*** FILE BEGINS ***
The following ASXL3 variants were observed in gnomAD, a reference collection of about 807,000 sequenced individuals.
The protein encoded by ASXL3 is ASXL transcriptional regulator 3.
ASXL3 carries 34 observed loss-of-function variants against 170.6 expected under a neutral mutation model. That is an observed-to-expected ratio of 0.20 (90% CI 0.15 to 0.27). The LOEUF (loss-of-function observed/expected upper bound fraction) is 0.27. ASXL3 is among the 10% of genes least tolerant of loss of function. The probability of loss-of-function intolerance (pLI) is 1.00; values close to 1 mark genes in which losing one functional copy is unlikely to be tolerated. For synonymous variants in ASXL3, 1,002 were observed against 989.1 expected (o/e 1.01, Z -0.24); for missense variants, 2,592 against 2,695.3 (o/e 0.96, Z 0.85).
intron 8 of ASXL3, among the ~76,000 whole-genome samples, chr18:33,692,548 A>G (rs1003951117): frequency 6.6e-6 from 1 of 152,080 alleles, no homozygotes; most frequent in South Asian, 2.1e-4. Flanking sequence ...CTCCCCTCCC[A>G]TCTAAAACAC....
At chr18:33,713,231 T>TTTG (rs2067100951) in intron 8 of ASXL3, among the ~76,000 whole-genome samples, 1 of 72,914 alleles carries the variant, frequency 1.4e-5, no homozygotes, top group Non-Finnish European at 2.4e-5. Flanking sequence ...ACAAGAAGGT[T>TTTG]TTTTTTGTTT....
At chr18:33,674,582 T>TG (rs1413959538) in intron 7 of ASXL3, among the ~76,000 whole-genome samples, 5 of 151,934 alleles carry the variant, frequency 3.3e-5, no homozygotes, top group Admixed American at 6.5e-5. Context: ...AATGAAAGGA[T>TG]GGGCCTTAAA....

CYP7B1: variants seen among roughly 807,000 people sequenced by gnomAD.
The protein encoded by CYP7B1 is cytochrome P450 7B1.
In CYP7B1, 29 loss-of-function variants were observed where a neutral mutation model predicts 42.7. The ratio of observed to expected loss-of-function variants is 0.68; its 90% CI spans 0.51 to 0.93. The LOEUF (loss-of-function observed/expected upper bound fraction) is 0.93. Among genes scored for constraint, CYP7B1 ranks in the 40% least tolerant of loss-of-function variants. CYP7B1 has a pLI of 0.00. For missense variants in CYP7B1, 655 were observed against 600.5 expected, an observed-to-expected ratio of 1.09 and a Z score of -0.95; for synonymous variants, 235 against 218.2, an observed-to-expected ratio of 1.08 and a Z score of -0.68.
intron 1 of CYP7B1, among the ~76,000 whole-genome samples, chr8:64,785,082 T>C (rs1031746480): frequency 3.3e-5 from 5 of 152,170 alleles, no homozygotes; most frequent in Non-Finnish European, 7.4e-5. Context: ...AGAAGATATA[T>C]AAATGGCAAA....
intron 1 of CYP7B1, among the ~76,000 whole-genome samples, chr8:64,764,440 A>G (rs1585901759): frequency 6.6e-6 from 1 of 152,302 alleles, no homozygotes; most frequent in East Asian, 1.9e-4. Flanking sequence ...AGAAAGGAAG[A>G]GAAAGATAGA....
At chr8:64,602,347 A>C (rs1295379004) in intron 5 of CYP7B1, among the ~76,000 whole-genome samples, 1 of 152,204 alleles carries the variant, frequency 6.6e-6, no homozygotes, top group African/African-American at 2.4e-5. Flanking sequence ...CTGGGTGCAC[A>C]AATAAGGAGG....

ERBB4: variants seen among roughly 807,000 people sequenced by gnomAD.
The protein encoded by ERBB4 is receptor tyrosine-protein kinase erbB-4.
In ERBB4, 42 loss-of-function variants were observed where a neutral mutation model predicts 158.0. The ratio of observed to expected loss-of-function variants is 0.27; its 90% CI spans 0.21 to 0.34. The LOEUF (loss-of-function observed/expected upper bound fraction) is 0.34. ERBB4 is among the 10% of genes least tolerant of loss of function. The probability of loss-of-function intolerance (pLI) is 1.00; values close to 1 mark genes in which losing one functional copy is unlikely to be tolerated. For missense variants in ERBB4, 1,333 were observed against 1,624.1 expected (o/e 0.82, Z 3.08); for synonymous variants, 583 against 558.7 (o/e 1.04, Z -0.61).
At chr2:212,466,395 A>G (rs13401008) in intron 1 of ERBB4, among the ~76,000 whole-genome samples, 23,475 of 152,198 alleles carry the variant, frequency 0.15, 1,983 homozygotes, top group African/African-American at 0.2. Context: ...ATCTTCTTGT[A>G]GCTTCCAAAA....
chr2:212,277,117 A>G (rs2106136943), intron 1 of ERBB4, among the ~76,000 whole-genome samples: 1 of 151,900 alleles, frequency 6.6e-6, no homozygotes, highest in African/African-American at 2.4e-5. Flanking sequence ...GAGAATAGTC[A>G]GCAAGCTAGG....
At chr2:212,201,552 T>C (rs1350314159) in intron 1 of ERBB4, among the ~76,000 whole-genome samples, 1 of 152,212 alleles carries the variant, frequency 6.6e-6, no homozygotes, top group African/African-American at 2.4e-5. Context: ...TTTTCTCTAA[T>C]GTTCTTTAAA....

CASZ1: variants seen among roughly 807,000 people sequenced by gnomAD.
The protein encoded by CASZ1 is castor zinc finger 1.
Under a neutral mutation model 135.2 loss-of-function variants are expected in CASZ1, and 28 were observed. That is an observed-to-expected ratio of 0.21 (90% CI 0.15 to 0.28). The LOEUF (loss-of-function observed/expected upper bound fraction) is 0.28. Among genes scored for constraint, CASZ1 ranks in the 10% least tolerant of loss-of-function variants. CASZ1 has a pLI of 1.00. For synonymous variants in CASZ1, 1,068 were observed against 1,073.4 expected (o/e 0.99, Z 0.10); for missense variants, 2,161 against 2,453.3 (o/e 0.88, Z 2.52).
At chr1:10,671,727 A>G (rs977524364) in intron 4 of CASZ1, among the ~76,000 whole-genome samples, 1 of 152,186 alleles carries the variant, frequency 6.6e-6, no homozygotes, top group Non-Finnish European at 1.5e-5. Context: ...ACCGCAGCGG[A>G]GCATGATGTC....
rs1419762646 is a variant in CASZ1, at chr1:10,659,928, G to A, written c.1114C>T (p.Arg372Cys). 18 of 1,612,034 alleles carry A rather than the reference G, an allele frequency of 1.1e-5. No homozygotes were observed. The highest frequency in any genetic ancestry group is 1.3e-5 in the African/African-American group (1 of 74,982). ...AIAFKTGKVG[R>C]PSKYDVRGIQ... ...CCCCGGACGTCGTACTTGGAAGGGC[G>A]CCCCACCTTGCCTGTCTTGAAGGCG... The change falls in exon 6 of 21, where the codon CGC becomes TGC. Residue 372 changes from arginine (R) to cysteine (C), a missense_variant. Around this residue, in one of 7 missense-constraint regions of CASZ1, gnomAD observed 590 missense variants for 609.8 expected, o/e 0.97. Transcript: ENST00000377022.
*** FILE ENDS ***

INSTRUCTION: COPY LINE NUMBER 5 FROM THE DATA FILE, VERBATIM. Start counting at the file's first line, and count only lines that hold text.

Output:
At chr18:33,713,231 T>TTTG (rs2067100951) in intron 8 of ASXL3, among the ~76,000 whole-genome samples, 1 of 72,914 alleles carries the variant, frequency 1.4e-5, no homozygotes, top group Non-Finnish European at 2.4e-5. Flanking sequence ...ACAAGAAGGT[T>TTTG]TTTTTTGTTT....